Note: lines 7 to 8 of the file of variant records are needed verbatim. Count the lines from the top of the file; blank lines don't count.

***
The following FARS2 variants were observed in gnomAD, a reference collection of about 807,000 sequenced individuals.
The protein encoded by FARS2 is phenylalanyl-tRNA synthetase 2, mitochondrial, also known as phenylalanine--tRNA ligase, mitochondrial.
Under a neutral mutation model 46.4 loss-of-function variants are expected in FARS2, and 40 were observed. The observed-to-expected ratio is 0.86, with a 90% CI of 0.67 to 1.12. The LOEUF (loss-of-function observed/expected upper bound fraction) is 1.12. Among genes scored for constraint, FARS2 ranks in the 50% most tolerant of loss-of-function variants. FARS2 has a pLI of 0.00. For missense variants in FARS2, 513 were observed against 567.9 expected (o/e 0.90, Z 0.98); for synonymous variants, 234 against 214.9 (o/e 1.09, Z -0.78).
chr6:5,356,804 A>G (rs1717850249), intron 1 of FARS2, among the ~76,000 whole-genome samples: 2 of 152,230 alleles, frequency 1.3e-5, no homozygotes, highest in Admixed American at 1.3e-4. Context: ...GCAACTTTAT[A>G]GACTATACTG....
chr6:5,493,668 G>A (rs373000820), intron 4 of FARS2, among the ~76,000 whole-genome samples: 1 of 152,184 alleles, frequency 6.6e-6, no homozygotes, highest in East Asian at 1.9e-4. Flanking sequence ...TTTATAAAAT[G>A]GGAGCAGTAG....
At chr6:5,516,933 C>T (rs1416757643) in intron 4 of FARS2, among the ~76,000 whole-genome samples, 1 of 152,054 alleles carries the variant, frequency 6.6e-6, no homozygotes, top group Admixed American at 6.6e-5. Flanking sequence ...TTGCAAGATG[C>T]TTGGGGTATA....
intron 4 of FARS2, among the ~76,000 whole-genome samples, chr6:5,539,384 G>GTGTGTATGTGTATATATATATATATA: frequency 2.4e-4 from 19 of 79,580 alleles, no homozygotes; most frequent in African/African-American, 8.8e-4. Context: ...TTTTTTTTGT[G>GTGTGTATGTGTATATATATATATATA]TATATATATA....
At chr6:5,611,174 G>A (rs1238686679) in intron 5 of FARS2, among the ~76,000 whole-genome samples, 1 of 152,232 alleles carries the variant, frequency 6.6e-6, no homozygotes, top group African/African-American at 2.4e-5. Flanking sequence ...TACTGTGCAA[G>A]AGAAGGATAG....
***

intron 4 of FARS2, among the ~76,000 whole-genome samples, chr6:5,539,384 G>GTGTGTATGTGTATATATATATATATA: frequency 2.4e-4 from 19 of 79,580 alleles, no homozygotes; most frequent in African/African-American, 8.8e-4. Context: ...TTTTTTTTGT[G>GTGTGTATGTGTATATATATATATATA]TATATATATA....
At chr6:5,611,174 G>A (rs1238686679) in intron 5 of FARS2, among the ~76,000 whole-genome samples, 1 of 152,232 alleles carries the variant, frequency 6.6e-6, no homozygotes, top group African/African-American at 2.4e-5. Flanking sequence ...TACTGTGCAA[G>A]AGAAGGATAG....